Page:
[Glance over this first.]
The essential shirt is always a summer shirt. Obviously there are other kinds of shirts (those ridiculous, frequently collared and sleeved creations worn by dudes to work, to dates, to the Oscars, to church, to dinner, to the bar, to funerals, to job interviews, to meet the parents, to graduation ceremonies, to weddings, to court, to turn in the rent check, to pick up dinner, to the White House) but none has the allure of the wife beater, which contains all the promise of summer itself. My personal favourite is a scoop-necked, sleeveless Fruit of the Loom white cotton ribbed undershirt with a deep, collarless neckline which was made for my lover in Taiwan some time ago; a decade later it’s still going strong, yellowed pit stains notwithstanding.
I am aware of the dangers of converting personal preferences into rules but, in the spirit of Geoff Dyer’s Financial Times article republished on Slate, “The Perfect Summer Dress (First, It Must Be Sleveless),” here are my thoughts on the perfect (wife) beater.
First, it must have no collar and no sleeves. Obviously. I announced this, years ago, to my lover. “But I have shirts with collars and sleeves,” he said.
“Which ones are those?” I asked.
“The ones with collars and sleeves,” he replied as he slammed his Busch Light down on the Formica. He might, more accurately, have said “those plus collars and sleeves,” as collars and sleeves are an add-on to a shirt–an addition that serves to subtract from the total effect. A wife beater makes an important statement about a man’s right to bear arms.
So less is more–but only to a degree. If the beater is very clean, the wearer is too obviously kinda gay. And then, because the wearer has to make sure the beater doesn’t make him look all gay, he is all the time having to call women bitches and clean his gun, thereby contradicting one of the essential purposes of the wife beater: absolute freedom to scratch one’s balls any time, anywhere. (There is an interesting potential exception to this: the FBI: Female Body Inspector Beefy T is in some ways a sub-set of the wife beater but in order to avoid Mama’s deep dismay, generally has to be accompanied by pants–pants designed to cover one’s buttock crevice to world at large–then the FBI: Female Body Inspector Beefy T stops being a summer shirt and becomes purely a shirt meant to be worn to Wal-Mart or somewhere. In short, it is possible to go to Wal-Mart in a wife beater but it is not always possible to wear your FBI: Female Body Inspector Beefy T as a summer shirt.)
A wife beater always looks best without pants or socks. It is about limbs that are either burnt red from sitting on the porch or from heavy drink. It is an advertisement for the Second Amendment and chest hair (as such it is defiled by any association with salad.) The wife beater is only incidentally white; as such it is far more practical than actually trying to wash the thing. Ideally it is even worn without a belt. In the context of shirts, where everything is collared and sleeved, a belt does not look out of place, but the wife beater makes anything but a bandolier look all uppity.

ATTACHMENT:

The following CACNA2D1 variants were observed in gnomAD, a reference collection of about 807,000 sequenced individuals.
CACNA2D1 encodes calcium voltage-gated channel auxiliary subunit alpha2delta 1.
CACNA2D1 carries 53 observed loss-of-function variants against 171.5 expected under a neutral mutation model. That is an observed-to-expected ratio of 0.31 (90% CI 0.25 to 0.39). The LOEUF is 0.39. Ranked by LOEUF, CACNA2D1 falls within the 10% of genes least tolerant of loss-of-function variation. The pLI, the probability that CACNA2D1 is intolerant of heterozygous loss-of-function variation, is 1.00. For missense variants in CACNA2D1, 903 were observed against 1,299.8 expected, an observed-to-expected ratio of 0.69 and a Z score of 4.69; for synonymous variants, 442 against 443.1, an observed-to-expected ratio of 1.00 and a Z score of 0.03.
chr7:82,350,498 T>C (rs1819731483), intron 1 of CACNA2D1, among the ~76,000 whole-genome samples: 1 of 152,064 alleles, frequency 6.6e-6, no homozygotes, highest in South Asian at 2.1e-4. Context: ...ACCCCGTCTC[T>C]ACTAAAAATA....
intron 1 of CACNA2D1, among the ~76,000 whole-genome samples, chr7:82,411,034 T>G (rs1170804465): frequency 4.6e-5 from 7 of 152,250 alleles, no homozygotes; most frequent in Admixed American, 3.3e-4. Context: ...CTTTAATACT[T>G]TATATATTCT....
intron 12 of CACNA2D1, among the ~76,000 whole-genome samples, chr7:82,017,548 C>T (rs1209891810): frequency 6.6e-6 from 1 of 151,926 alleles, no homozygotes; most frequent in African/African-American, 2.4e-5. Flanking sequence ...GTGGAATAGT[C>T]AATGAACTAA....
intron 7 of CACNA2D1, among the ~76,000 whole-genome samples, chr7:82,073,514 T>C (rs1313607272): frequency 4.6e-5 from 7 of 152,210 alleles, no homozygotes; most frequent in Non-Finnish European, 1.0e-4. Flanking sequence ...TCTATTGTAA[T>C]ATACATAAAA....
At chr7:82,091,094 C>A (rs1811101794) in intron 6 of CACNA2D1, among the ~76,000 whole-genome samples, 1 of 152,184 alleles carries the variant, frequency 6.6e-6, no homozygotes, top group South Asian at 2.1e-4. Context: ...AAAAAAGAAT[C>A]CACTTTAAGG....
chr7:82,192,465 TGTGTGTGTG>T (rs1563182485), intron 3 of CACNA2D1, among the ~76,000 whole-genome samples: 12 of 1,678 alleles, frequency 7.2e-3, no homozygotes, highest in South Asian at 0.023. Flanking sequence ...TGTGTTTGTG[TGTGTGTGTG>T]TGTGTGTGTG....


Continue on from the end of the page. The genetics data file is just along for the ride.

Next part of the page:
Although men wear flip-flops with wife beaters there is an essential contradiction between the ill-gotten authority and ignorance implied by the shirt and the floppy, relaxed nature of the shoes. A wife beater looks best either with Doc Martens, cowboy boots, rotted sneakers or a bed of rusty nails strapped to each foot.
It does not require special treatment. It can be crammed into the jump seat of your truck. It doesn’t even have to be worn on the torso, but also works as a cooling headpiece.
Price is irrelevant. You can pay up to a dollar or so, but equally, it can be the kind of thing you get for next to nothing because you beat up your kid brother for it when you were on the way to the liquor store. This is appropriate because, in a sense, it is next to nothing, though it is also all-purpose: as mentioned, it works for going to Wal-Mart, but also huntin’ or offroadin’ and it can then be worn to a kegger–even one down at Cooter’s place–that same night. So a wife beater can serve as a shirt but not vice-versa.
Above all, it must be malodorous. Cleanliness, starch, freshness and so on detract from the grunginess that is the grungy quality of the wife beater. It is the irreducible symbol, the last layer separating the naked fact of a man from a corn dog.
In Garth Brooks’ classic song “Friends in Low Places” there is a wonderful sequence about a man showing up in boots to a wedding: a bunch of scared attendees are awed by the man’s gall at showing up in such sartorial disarray. It seems like a rather gauche thing to do. But the man has the courage to be himself in the face of some skank who once wanted him to put something on over his wife beater. He grabs the skank’s glass of champagne, toasts her, says, “Honey, we may be through, but you’ll never hear me complain.” For he is piss-drunk and rambling at a formal event–and yet still himself. This is the magic of a wife beater. And it is not just simple, it is tacky.